Learning to sew on a vintage sewing machine
November 24, 2014 9:17 AM   Subscribe

This recent post about picking a sewing machine has inspired me: I followed advice similar to this answer and bought a newly reconditioned sturdy metal Singer 301A a couple of years ago. I acquired a buttonholer and zigzag attachment, as well as a box of other theoretically useful sewing feet (I will be able to sew ruffles just like in Dick and Jane readers!).

But now what? I have a xeroxed copy of the manual, and I have managed to carefully follow it to do things like adjust the top and bottom tension and sew a few children's skirts that consist of straight seams only. I'd like to take a sewing class, but the ones I see advertised at local sewing shops and through the county rec classes all assume a modern computerized sewing machine, and I'm intimidated to try to lug my heavy metal antique into the room and ask for help. Would the average sewing teacher at a JoAnn's be able to help me, while also teaching a dozen people on new machines? Or if I can use a newer machine for classes (do they provide machines, or only BYO?), will the skills be reasonably transferable? Should I just advertise on Craigslist for a sewing grandma to teach me? Help me move beyond straight hems, MeFi!
posted by instamatic to Sports, Hobbies, & Recreation (9 answers total) 8 users marked this as a favorite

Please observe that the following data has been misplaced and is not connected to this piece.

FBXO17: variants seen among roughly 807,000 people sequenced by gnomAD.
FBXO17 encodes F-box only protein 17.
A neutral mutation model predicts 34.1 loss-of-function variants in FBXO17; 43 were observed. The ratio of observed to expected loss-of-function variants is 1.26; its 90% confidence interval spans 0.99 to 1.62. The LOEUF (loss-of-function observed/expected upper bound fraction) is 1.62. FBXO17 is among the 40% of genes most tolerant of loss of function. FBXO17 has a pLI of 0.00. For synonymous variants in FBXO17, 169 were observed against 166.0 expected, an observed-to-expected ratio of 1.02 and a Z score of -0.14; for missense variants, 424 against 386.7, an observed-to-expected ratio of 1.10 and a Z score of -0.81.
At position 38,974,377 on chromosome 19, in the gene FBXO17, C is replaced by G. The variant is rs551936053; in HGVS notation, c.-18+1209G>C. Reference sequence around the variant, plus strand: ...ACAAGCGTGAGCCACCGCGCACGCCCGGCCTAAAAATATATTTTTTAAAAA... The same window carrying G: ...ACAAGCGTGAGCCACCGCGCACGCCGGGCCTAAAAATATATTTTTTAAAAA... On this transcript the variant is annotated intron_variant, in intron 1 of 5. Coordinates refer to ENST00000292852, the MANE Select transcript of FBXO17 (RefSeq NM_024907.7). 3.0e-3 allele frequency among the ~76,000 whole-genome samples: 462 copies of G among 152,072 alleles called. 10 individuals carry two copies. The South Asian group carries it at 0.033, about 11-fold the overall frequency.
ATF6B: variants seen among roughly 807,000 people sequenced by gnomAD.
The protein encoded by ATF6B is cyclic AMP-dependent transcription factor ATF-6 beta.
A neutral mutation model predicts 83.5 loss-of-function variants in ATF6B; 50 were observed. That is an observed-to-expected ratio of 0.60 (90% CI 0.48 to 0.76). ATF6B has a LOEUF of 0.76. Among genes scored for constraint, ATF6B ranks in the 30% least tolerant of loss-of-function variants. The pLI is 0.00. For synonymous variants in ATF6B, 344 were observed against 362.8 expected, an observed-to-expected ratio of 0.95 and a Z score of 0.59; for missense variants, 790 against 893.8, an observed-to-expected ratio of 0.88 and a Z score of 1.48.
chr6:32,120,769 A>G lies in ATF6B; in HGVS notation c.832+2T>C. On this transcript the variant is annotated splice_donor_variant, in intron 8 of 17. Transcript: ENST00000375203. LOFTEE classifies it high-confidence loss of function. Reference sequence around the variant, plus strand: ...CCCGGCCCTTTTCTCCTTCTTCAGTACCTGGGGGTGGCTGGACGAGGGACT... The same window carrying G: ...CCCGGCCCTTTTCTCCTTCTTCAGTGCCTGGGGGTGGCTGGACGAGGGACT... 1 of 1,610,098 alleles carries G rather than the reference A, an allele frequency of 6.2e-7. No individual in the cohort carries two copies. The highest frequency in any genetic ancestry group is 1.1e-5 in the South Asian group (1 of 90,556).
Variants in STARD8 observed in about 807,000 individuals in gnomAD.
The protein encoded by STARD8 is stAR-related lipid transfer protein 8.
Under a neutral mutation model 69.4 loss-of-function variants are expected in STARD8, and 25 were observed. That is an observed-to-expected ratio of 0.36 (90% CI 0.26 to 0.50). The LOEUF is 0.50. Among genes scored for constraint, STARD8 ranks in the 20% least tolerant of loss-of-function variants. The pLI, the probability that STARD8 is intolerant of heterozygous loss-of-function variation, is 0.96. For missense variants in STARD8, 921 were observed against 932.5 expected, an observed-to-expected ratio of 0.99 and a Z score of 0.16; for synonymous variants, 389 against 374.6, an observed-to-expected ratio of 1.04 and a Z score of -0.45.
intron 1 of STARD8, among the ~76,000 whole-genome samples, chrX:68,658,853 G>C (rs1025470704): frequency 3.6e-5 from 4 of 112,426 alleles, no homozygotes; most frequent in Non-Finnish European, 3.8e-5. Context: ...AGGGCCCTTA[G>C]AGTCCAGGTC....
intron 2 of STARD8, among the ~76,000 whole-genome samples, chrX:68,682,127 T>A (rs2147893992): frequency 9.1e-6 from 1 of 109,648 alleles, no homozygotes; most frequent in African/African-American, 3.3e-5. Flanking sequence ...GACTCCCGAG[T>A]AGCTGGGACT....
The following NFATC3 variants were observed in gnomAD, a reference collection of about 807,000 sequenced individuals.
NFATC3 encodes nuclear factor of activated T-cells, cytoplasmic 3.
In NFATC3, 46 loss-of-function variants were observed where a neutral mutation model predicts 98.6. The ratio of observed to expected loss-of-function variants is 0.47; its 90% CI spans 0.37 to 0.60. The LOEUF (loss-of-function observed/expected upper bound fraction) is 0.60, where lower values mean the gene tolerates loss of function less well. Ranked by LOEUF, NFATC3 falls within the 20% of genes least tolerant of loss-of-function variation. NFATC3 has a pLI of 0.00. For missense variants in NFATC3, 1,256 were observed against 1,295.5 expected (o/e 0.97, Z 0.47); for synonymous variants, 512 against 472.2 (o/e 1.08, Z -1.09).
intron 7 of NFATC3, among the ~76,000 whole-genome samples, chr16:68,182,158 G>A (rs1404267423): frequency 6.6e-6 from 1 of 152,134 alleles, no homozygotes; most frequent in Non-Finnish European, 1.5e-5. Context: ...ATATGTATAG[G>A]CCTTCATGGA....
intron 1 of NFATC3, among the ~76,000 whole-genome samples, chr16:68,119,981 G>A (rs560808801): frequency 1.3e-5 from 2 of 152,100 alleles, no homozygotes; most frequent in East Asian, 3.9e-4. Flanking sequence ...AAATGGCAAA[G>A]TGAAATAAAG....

If you want in person instruction, check with your local quilt shop. They may not have classes scheduled, but vintage machines are particularly popular with quilters, who prize them for their excellent straight stitch, so you're likely to find someone who knows what's up.
posted by ocherdraco at 9:27 AM on November 24, 2014 [3 favorites]

You can probably borrow a machine at most sewing classes to save the lugging, but it might be worth it to take it to a class or two just to get help understanding it. I've taken many classes and there is a usually a variety of machine types.

Also, Crafsty has classes online.
posted by Duffington at 10:41 AM on November 24, 2014 [1 favorite]

Also see if there is a local quilting or sewing guild. The 301 is a great machine, and second only to the Featherweight in popularity for a portable straight stitch machine. So someone in the guilds probably has one. From what I've heard, some are great groups, and others are terrifying, but these are people who love to sew.

A sewing class at a quilt shop would almost certainly not expect you to have a machine that does anything but a straight stitch. But it looks like you are more interested in garment construction. At least a quilting class would be something, and you might make some good contacts.

I'm teaching myself how to fix vintage machines and how to sew (quilting in particular). It is amazing what people can do with a straight stitch machine. Looking at learn to sew books from the library, realistically most things can be made with your machine. I've watched the online videos of a lady who uses hand crank machines that usually don't even have a reverse function to make clothing from vintage patterns. Here.

As for machine use, the operation of a 301 is different from a modern machine. Threading paths, tension adjustment, general feeling and behavior of the machine will all be different. New machines are more individually specific in instructions. Most don't require you to hold the thread when you start a seam, for instance. But aside from a few changes in the machine procedure, the actual sewing skills would be very transferable.